Partition and Sale
Partition and sale can become an issue in an estates context when the family cottage or other real property is gifted to the testator’s children as joint tenants or tenants in common and some of the siblings wish to be bought out of their interest.
Pursuant to the Partition Act, an application may be made to the Ontario Superior Court of Justice by anyone who has an interest in land. Where the land is held by joint tenancy or tenancy in common by reason of a devise or an intestacy, an application cannot be made until one year after the death of the testator or person dying intestate who owned the land. (See Partition Act, s. 3(2)).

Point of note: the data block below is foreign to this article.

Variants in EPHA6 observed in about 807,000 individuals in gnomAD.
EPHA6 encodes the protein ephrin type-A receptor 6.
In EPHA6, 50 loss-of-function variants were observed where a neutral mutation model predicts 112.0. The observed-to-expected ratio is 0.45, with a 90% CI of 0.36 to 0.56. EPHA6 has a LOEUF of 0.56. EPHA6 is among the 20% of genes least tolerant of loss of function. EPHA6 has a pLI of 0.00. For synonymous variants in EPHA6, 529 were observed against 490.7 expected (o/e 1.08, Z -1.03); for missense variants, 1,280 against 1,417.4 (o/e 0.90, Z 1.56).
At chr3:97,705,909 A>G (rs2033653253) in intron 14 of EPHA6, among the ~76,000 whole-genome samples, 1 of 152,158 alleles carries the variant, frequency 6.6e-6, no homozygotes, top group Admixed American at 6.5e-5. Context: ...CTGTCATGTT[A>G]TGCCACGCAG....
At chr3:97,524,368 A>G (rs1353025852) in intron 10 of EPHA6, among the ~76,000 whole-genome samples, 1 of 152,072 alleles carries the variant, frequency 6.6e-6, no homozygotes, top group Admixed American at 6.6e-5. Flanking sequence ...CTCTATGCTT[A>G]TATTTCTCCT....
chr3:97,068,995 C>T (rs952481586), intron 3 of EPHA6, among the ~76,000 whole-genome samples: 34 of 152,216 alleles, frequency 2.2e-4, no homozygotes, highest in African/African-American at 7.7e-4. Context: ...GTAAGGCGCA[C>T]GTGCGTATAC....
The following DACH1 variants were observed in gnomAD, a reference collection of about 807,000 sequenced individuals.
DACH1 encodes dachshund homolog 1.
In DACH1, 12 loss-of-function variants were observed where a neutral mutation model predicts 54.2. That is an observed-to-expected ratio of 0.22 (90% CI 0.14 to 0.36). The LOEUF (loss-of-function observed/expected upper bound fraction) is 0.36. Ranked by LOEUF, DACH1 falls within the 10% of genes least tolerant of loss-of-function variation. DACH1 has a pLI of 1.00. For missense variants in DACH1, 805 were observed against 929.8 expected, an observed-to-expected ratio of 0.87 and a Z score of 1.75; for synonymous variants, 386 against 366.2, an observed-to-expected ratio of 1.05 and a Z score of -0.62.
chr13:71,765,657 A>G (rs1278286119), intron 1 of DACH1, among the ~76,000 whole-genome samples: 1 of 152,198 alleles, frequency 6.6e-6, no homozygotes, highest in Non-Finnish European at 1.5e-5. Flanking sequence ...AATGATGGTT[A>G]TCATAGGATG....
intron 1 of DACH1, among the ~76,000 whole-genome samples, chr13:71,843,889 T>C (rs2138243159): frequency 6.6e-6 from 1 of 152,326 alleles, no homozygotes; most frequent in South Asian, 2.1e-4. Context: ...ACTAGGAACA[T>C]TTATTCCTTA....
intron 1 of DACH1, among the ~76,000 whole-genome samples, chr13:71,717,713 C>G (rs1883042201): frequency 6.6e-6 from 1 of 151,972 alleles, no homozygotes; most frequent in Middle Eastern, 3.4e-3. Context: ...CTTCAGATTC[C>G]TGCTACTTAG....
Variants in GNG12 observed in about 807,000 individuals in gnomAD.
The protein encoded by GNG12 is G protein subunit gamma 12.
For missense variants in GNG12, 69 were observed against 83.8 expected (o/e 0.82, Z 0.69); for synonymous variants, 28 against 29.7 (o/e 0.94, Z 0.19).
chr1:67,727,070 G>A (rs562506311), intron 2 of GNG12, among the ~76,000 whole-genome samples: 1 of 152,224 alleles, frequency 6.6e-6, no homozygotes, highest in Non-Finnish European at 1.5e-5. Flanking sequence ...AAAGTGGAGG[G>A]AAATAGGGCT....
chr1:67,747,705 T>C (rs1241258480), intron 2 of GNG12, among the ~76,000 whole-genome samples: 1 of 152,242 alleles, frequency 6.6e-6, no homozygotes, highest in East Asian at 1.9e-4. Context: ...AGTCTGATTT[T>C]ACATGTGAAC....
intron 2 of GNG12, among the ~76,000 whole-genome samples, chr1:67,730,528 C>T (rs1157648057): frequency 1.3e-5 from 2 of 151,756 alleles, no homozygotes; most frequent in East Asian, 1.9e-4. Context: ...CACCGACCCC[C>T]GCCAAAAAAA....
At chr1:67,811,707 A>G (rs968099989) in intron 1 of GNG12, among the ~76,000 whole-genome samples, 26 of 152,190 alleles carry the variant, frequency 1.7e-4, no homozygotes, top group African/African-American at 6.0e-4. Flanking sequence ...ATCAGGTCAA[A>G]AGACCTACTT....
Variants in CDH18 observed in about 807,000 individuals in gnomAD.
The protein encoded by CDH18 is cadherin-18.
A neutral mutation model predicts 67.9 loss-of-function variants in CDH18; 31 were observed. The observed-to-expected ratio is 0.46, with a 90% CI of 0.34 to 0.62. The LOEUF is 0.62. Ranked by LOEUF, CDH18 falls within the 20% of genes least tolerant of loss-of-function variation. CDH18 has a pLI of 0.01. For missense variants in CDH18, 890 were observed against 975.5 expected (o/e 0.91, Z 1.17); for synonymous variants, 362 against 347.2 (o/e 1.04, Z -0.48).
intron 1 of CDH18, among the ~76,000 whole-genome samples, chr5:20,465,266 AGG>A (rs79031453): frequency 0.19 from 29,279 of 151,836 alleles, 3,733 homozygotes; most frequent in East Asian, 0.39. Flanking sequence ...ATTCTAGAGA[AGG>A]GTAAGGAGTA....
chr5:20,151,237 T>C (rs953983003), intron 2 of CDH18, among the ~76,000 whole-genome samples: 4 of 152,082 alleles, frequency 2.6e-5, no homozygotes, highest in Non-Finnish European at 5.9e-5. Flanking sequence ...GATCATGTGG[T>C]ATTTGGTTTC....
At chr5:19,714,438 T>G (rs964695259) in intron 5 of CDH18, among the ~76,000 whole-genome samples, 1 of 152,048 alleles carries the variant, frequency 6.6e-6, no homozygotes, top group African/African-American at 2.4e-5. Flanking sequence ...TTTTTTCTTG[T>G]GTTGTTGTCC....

Joint owners have a prima facie right to partition and sale but the Court has jurisdiction to refuse such an order. In particular, the Court has discretion to refuse partition and sale where there has been malicious, vexatious or oppressive conduct by the party seeking an order to partition. The Court does not have jurisdiction to order one joint owner to sell to another i.e. force a right of first refusal. (See Osborne v. Myette, 2004 CanLII 7051 (ON S.C.))
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